• Violating the lease or rental agreement. Common violations include having unauthorized pets or even lying on the rental application.

Step#2: Posting the Eviction Notice

The eviction notice must be relevant to the violation committed. For example, in the case of nonpayment of rent, you must serve the tenant with a 5-Day Notice to Pay. 

The written notice says that if the tenant pays the rent owed, then the eviction will be voided. Otherwise, they have to leave the rental unit. If the tenant does neither, you may proceed with their eviction. 

Besides the 5-Day Notice to Pay rent, here are other eviction notice types in the state of Arizona: 

  • 10-Day Notice to Comply. This written notice is specifically meant for violations to the lease or rental agreement. Typical lease violations under this category include having an unauthorized pet, exceeding the rental limit and causing excessive property damage. 

  • 10-Day Notice to Quit. You must use this when evicting a holdover tenant who is paying rent on a weekly basis. That is, a tenant who has refused to move out after their lease term has ended. It basically gives the tenant only 10 days to vacate the premises. arizona landlord tenant act eviction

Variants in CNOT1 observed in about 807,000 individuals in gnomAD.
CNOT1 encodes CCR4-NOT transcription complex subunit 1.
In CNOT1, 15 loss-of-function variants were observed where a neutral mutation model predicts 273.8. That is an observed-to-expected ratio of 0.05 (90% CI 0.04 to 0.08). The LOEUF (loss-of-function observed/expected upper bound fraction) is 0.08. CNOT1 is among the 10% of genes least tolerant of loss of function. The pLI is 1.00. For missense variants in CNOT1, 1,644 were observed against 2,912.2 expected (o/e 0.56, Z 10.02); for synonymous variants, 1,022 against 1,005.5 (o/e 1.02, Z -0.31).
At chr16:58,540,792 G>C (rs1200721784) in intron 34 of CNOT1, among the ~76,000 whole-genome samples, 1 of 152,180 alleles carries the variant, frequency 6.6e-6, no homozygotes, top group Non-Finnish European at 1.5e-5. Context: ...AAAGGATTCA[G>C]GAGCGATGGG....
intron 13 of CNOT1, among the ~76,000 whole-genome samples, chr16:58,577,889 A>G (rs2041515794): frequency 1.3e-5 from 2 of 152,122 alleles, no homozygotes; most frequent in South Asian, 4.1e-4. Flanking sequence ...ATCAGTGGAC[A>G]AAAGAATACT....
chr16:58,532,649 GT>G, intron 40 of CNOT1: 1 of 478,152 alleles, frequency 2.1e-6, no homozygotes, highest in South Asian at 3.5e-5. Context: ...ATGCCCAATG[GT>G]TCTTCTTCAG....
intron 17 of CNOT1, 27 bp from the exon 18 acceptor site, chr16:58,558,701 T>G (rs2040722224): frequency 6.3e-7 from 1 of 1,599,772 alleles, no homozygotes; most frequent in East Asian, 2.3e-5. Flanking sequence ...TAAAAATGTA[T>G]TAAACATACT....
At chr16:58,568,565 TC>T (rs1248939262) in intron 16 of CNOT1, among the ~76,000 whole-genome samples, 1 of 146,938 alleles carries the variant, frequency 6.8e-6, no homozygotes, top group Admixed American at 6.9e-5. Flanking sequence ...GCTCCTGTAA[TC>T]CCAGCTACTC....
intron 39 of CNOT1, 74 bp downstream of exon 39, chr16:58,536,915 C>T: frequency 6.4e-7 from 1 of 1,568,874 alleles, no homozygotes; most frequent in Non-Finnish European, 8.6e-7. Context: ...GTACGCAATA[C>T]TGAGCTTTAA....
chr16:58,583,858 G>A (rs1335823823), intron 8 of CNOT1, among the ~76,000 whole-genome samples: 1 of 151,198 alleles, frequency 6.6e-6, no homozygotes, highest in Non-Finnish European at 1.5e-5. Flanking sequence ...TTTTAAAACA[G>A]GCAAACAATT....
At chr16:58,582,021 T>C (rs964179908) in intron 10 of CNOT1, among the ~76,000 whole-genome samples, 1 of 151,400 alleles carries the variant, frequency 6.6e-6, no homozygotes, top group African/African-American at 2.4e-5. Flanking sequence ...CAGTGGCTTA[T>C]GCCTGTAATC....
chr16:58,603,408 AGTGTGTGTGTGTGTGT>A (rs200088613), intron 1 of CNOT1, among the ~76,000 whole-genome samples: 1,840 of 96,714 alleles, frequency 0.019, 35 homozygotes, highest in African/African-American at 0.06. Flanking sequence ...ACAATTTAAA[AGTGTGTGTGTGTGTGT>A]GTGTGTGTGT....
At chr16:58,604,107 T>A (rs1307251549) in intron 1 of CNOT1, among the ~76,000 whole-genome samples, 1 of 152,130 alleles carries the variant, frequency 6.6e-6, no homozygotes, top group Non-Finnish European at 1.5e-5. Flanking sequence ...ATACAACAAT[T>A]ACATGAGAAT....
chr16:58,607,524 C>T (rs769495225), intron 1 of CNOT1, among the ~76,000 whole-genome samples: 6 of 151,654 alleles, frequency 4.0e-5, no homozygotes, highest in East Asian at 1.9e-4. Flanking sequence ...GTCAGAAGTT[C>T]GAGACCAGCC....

• 30-Day Notice to Quit. This is also meant for holdover tenants. However, in this case, it’s meant for tenants renting on a monthly basis. Again, the only option the tenant has is to leave. 

  • 5-Day Notice to Comply. You can also evict a tenant for violating a safety, building, health, or housing code. The 5-Day Notice to Comply gives the tenant five days to “cure” the violation. 

And, of course, you can evict a tenant for committing an illegal activity. Examples of illegal activities include assault, prostitution, homicide, causing nuisance or threatening someone. 

Step #3: Filing & Serving the Complaint

This is the next step in the eviction process. Filing for an eviction usually costs about $35 in a justice court and $218 in a superior court. 

In the state of Arizona, the summons must be issued on the same day the complaint is filed. The service to the tenant must be done 2 days prior to the hearing via a certified process server. 

Step #4: Hearing & Judgment